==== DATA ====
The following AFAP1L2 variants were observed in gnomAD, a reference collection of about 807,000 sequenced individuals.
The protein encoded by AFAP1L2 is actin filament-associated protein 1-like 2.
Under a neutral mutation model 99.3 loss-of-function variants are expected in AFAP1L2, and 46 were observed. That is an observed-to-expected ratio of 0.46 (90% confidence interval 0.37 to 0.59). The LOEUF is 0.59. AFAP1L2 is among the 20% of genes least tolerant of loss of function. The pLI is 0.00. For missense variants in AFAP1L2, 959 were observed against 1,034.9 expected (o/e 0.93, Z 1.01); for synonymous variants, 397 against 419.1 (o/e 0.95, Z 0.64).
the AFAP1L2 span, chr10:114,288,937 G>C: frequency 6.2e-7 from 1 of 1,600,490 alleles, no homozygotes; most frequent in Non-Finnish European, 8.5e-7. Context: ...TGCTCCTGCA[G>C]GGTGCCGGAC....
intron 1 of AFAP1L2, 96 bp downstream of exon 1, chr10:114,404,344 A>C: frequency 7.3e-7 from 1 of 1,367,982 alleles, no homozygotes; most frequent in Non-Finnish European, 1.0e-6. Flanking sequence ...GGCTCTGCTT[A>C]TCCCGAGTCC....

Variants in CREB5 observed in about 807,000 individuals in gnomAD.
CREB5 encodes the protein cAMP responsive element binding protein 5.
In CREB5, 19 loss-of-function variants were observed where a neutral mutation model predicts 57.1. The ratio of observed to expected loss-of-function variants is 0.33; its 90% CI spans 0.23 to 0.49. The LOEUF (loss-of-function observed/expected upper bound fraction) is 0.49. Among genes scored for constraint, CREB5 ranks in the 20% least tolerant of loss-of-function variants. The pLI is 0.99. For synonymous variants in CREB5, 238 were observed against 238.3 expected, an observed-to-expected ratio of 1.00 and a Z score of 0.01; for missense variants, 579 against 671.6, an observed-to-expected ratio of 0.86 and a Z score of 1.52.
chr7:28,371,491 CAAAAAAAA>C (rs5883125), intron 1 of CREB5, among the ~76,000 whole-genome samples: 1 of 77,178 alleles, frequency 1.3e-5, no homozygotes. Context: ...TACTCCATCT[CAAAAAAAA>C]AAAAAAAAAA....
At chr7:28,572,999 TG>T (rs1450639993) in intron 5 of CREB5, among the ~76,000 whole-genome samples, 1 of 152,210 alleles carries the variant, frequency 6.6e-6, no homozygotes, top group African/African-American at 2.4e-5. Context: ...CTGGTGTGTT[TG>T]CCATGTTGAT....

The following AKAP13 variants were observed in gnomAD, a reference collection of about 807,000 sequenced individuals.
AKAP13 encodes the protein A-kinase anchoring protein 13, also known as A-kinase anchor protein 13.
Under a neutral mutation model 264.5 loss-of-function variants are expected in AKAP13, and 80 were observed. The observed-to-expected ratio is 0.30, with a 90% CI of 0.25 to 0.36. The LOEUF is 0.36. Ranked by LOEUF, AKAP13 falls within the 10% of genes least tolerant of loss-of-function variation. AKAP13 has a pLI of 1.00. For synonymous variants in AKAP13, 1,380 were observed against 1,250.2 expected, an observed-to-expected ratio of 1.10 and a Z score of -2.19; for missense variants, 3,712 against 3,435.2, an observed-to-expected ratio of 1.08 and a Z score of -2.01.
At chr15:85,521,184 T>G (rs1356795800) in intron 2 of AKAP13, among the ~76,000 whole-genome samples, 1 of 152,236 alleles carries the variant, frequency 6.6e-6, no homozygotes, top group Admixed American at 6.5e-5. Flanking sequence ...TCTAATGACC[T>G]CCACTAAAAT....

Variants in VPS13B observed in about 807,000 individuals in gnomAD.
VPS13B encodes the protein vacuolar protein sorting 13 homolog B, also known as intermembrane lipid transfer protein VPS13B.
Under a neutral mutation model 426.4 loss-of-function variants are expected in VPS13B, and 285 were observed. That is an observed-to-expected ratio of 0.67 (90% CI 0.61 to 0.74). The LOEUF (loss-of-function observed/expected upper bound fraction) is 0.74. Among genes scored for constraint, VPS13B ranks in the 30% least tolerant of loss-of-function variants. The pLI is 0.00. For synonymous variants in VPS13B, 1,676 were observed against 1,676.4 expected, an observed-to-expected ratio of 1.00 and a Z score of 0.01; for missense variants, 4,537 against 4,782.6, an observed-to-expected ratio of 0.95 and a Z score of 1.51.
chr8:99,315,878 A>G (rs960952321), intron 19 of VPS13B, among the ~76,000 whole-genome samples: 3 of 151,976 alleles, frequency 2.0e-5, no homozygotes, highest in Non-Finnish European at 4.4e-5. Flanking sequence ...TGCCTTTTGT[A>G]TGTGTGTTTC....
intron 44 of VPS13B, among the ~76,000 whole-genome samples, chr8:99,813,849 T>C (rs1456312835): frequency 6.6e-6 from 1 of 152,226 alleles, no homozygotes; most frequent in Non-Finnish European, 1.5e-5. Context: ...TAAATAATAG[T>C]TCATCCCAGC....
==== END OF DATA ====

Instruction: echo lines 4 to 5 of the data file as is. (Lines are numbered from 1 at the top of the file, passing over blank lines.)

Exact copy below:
the AFAP1L2 span, chr10:114,288,937 G>C: frequency 6.2e-7 from 1 of 1,600,490 alleles, no homozygotes; most frequent in Non-Finnish European, 8.5e-7. Context: ...TGCTCCTGCA[G>C]GGTGCCGGAC....
intron 1 of AFAP1L2, 96 bp downstream of exon 1, chr10:114,404,344 A>C: frequency 7.3e-7 from 1 of 1,367,982 alleles, no homozygotes; most frequent in Non-Finnish European, 1.0e-6. Flanking sequence ...GGCTCTGCTT[A>C]TCCCGAGTCC....